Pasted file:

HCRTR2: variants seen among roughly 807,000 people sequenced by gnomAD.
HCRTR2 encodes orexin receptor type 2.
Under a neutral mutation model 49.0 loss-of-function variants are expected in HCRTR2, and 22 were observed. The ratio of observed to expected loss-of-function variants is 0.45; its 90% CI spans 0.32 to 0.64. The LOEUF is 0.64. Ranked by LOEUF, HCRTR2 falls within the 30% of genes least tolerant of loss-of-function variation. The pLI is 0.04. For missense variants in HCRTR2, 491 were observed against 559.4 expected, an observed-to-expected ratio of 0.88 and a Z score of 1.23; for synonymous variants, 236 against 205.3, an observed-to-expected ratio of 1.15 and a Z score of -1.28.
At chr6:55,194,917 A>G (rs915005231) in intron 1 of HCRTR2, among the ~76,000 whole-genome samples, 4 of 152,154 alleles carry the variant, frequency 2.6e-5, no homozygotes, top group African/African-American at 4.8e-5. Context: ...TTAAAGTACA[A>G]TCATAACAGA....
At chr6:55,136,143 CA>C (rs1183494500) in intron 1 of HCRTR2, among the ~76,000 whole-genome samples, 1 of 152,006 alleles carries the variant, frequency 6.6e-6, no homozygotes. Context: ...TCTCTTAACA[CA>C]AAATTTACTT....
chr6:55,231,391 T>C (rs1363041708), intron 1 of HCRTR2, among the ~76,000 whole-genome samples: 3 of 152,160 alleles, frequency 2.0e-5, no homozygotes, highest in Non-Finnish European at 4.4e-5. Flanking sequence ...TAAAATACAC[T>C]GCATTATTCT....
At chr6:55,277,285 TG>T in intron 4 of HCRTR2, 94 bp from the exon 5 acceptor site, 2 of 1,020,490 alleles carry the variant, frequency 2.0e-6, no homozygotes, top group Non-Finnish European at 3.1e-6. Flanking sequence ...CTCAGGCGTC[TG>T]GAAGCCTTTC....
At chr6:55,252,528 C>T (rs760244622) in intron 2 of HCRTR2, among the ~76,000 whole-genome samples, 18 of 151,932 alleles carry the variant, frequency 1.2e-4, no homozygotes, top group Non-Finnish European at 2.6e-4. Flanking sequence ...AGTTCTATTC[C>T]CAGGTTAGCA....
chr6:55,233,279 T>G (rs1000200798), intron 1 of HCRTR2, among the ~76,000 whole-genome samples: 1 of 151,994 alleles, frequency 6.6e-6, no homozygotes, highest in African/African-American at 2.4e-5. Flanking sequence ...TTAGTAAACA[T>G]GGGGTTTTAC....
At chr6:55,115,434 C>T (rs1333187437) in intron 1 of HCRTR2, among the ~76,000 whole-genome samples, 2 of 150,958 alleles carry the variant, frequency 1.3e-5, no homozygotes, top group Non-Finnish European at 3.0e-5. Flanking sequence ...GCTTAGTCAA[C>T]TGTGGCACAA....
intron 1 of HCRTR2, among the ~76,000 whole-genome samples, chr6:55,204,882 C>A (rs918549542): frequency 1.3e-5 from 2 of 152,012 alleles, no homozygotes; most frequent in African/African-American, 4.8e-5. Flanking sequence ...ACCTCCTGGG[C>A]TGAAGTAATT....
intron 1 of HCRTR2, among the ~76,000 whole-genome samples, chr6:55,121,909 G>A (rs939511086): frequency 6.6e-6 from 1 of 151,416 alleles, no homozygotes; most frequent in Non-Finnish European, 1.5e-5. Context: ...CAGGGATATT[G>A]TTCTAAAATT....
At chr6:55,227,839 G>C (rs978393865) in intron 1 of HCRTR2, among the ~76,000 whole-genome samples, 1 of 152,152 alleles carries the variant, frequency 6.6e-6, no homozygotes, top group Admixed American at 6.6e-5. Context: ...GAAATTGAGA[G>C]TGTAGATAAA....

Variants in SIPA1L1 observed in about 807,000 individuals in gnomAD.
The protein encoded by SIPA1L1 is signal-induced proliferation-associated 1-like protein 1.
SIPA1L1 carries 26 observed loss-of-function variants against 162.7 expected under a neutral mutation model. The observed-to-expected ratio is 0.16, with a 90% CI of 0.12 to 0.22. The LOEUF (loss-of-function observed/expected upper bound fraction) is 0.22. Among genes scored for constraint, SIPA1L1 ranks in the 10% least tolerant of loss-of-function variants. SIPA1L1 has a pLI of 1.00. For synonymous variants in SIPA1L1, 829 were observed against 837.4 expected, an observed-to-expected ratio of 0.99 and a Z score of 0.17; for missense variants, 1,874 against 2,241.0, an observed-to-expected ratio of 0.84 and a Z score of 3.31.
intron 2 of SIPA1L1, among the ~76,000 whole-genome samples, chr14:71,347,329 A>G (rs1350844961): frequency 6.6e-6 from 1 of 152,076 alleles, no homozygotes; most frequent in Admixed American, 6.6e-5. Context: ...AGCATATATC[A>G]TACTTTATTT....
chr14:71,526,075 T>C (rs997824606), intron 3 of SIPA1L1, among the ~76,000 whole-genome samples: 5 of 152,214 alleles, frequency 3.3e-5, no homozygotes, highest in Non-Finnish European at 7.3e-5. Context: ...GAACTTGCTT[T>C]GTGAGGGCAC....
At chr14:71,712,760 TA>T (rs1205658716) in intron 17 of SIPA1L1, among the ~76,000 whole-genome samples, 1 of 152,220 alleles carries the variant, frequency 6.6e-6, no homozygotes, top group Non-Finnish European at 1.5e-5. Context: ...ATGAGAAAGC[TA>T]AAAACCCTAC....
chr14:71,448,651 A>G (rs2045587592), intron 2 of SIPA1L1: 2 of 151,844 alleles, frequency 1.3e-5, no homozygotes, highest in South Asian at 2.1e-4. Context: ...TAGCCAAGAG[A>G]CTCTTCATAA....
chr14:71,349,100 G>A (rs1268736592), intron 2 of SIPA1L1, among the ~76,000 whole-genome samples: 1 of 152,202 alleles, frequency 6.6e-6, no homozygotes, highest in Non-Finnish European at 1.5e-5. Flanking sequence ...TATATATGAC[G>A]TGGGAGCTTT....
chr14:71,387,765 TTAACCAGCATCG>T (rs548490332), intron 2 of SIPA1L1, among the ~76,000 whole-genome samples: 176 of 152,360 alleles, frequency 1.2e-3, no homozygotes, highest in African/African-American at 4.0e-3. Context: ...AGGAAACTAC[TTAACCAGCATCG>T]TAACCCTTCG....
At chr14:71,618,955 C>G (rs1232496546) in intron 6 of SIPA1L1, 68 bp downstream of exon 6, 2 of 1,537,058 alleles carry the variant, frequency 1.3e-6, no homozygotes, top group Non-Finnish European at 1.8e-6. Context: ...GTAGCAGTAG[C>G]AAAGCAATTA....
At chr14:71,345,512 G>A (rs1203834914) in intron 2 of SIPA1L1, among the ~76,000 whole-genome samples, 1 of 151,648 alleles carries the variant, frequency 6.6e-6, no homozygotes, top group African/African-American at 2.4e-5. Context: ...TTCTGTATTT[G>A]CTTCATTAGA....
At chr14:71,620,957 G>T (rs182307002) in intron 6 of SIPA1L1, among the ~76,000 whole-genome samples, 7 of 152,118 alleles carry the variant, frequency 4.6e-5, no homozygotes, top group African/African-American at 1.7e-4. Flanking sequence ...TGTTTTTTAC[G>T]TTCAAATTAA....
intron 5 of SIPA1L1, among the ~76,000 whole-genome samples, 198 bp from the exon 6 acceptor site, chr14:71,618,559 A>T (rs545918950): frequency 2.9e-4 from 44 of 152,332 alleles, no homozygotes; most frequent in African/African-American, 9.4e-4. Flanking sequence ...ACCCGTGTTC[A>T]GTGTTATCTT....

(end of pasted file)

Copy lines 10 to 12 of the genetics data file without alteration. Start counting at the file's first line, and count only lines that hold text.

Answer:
At chr6:55,115,434 C>T (rs1333187437) in intron 1 of HCRTR2, among the ~76,000 whole-genome samples, 2 of 150,958 alleles carry the variant, frequency 1.3e-5, no homozygotes, top group Non-Finnish European at 3.0e-5. Flanking sequence ...GCTTAGTCAA[C>T]TGTGGCACAA....
intron 1 of HCRTR2, among the ~76,000 whole-genome samples, chr6:55,204,882 C>A (rs918549542): frequency 1.3e-5 from 2 of 152,012 alleles, no homozygotes; most frequent in African/African-American, 4.8e-5. Flanking sequence ...ACCTCCTGGG[C>A]TGAAGTAATT....
intron 1 of HCRTR2, among the ~76,000 whole-genome samples, chr6:55,121,909 G>A (rs939511086): frequency 6.6e-6 from 1 of 151,416 alleles, no homozygotes; most frequent in Non-Finnish European, 1.5e-5. Context: ...CAGGGATATT[G>A]TTCTAAAATT....